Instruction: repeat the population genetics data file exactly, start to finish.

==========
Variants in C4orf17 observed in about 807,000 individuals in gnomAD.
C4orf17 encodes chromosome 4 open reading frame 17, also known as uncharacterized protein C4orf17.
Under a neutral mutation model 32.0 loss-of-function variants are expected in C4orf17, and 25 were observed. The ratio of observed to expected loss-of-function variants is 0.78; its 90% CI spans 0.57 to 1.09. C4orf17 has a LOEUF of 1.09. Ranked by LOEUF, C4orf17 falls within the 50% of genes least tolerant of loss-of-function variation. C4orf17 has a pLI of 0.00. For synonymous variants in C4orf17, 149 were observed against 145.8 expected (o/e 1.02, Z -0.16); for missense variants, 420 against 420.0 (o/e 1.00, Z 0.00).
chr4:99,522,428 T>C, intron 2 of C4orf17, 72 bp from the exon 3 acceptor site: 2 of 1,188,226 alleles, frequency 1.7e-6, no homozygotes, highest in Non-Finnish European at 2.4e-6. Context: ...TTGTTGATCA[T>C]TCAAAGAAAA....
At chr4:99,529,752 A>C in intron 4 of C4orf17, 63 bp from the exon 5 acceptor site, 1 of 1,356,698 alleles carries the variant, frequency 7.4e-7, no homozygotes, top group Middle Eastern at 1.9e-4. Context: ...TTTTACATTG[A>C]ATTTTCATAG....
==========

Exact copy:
Variants in C4orf17 observed in about 807,000 individuals in gnomAD.
C4orf17 encodes chromosome 4 open reading frame 17, also known as uncharacterized protein C4orf17.
Under a neutral mutation model 32.0 loss-of-function variants are expected in C4orf17, and 25 were observed. The ratio of observed to expected loss-of-function variants is 0.78; its 90% CI spans 0.57 to 1.09. C4orf17 has a LOEUF of 1.09. Ranked by LOEUF, C4orf17 falls within the 50% of genes least tolerant of loss-of-function variation. C4orf17 has a pLI of 0.00. For synonymous variants in C4orf17, 149 were observed against 145.8 expected (o/e 1.02, Z -0.16); for missense variants, 420 against 420.0 (o/e 1.00, Z 0.00).
chr4:99,522,428 T>C, intron 2 of C4orf17, 72 bp from the exon 3 acceptor site: 2 of 1,188,226 alleles, frequency 1.7e-6, no homozygotes, highest in Non-Finnish European at 2.4e-6. Context: ...TTGTTGATCA[T>C]TCAAAGAAAA....
At chr4:99,529,752 A>C in intron 4 of C4orf17, 63 bp from the exon 5 acceptor site, 1 of 1,356,698 alleles carries the variant, frequency 7.4e-7, no homozygotes, top group Middle Eastern at 1.9e-4. Context: ...TTTTACATTG[A>C]ATTTTCATAG....